What follows is an Op-Ed essay written by Larry Hamilton of Hamilton Properties. Larry is a Downtown hotel developer. His insights are very helpful.
City Hotel a Good Thing for Private Hotels
By Larry Hamilton
The barrage of TV commercials opposed to the City owned Convention Hotel might lead one to believe it constitutes unfair competition with nearby private sector hotels but the opposite is true, at least in this investor’s opinion.
My partners and I are constructing a 193 room privately financed hotel virtually across the street from the proposed 1,000 room convention hotel and we see the City owned hotel as revitalizing convention and group meeting business that will bring more City-wide events to fill up hotel rooms throughout DFW.
I saw this happen in Denver which had a convention center about half the size of Dallas’s and built an adjacent City owned 1,100 room Hyatt in 2005 and saw business mushroom that raised room rates and occupancy levels of all the privately owned downtown hotels.
In contrast, Dallas has a 1.5 million sq. ft. convention center that is dying on the vine and not competitive with Denver even though it’s twice the size. Dallas which once was a top tier convention destination has descended to the minor leagues compared to cities like Denver, San Diego, and Houston.
The claim by the other side that if the hotel would make money the private sector would do it is demagoguery of the worst sort. A city financed hotel can raise funds issuing tax exempt revenue bonds that might bear an interest rate of say 6%. On the other hand a private hotel would get maybe a 60% conventional loan at 8% interest with say a 15% second mezzanine loan at 13% interest and 25% of the funds in equity that would demand a return of perhaps 25%.
Under that scenario the all in cost of funds for the private hotel would average 14% or 233% higher cost of capital than the 6% tax exempt City financed hotel. Thus the private model would have to get returns that were 233% higher which is not likely to happen.
Other cities have wrestled with this dilemma and decided to finance their hotels with tax exempt revenue bonds that pledge the revenues from the hotel for payment of the debt as opposed to general obligation bonds which would obligate tax payers to come up with the funds. This is another canard that has been widely advertised and is false – that the taxpayers will have to eat the hotel’s losses.
The bond holders will bear that risk and finance the hotel if they are convinced revenues will be sufficient to meet debt service. Because of the favorable financing the hotel is highly likely to generate a profit which is what has happened in Denver. The excess revenues have gone into the City’s general fund.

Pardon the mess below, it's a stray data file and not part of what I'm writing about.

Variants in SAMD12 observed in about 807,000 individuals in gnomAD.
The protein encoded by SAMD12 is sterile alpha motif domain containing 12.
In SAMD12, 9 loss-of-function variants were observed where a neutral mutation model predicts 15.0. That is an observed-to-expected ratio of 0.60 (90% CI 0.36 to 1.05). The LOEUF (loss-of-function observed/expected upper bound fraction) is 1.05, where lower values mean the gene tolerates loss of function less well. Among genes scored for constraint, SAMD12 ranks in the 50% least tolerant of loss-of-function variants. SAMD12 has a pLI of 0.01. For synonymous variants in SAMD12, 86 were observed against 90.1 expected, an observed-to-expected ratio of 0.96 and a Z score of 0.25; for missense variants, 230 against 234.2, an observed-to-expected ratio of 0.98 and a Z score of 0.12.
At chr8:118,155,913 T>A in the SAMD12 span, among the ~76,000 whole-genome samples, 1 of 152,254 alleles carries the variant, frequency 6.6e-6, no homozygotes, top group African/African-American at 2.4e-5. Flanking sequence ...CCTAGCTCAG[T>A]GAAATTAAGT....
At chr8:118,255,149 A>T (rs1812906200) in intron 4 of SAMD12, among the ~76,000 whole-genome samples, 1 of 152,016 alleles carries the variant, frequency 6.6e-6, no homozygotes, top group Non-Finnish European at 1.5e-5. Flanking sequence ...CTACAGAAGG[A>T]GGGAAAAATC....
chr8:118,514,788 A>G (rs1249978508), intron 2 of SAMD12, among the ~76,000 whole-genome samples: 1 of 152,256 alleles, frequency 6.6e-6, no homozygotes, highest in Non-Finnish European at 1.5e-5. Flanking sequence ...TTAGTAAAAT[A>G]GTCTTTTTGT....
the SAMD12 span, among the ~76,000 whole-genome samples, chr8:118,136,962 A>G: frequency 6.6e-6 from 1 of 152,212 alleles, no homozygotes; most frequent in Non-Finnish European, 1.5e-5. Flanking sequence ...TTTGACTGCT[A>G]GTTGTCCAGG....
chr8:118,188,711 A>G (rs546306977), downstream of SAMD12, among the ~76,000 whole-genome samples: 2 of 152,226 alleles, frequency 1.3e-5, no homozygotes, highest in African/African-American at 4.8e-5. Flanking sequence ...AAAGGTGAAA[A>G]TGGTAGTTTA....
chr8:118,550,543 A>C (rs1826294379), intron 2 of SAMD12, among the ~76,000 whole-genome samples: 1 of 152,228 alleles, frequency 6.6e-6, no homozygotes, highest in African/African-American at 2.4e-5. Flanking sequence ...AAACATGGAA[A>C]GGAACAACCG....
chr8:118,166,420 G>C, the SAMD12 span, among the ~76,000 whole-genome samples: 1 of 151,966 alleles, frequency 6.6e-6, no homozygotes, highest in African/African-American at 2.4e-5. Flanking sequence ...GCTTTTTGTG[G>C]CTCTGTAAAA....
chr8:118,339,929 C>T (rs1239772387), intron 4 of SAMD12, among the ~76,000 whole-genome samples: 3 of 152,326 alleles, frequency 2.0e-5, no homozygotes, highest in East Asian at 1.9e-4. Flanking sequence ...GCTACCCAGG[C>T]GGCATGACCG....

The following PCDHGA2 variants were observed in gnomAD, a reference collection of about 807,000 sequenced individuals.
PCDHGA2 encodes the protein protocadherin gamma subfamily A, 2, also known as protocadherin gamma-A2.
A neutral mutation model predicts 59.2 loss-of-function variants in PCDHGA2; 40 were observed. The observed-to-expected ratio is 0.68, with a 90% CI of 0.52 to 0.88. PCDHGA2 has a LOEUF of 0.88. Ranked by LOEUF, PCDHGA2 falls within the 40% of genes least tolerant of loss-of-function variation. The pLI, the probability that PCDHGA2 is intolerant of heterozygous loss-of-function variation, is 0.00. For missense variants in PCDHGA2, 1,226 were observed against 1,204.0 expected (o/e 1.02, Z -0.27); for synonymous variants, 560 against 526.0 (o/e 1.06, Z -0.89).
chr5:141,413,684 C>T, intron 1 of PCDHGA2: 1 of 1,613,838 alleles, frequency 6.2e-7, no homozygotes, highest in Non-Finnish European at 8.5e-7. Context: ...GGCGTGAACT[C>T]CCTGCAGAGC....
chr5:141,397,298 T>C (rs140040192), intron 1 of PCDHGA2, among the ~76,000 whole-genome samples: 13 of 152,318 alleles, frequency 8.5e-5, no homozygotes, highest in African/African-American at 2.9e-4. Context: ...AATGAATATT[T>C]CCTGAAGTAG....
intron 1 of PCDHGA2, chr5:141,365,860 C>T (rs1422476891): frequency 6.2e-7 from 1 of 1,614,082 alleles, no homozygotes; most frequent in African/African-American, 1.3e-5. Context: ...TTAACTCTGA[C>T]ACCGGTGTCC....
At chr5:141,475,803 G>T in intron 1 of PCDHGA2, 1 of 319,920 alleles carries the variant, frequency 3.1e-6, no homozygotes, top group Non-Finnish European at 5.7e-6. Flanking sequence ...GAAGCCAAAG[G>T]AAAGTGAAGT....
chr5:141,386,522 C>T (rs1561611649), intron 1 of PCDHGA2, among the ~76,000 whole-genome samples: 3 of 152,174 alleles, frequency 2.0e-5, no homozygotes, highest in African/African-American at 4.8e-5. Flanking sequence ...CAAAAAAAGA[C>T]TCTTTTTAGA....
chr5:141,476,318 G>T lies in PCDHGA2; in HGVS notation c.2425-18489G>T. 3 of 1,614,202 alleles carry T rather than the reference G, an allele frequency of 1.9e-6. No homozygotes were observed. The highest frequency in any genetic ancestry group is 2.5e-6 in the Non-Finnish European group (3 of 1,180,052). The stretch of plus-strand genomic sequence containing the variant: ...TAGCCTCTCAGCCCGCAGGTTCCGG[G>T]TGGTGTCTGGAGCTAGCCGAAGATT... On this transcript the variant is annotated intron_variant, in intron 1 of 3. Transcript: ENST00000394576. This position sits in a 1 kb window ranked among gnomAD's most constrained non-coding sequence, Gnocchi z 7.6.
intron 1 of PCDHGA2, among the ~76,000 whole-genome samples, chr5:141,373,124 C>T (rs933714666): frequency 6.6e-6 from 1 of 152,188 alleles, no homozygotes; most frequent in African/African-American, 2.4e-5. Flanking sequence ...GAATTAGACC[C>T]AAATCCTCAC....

So if Dallas wants to be a player in the convention market it needs to compete on a level playing field with all the other cities that have used public financing vehicles to build their convention hotels.
Dallas needs a revitalized downtown and our firm has been active in that effort. Our new 193 room aloft hotel in partnership with Sava Group will open in September across Young Street and a block to the east of the site for the Convention Hotel. In recent years we rehabilitated the Davis Building, Dallas Power & Light, and Mosaic into hip urban loft residential projects with ground floor retail to attract residents and 24 hour activity to a formerly forlorn and empty downtown that shut down at the end of each business day.
The City’s aggressive attitude has helped to secure the modest gains we have made to date, but to have a really world class downtown we need convention delegates walking around in great numbers like our peer cities’ downtowns.
The irony is we do have a world class convention center, one of America’s largest, but it is dying on the vine because we don’t have the attached headquarters hotel that our competitor cities now all have. Dallas used to be a top five convention destination by most measures. Now we are barely in the top five in Texas since Houston, San Antonio, Austin and Ft. Worth all have publicly financed convention center hotels and we don’t.
That’s why all the private hotel owners I have talked to are ardent advocates of the hotel and would encourage a no vote on both the propositions before Dallas voters on Saturday. It seems the opposition is mostly one hotel owner of the Anatole Hilton that hasn’t seemed to grasp that a rising tide raises all the ships. Too bad for him but what is he doing to our City?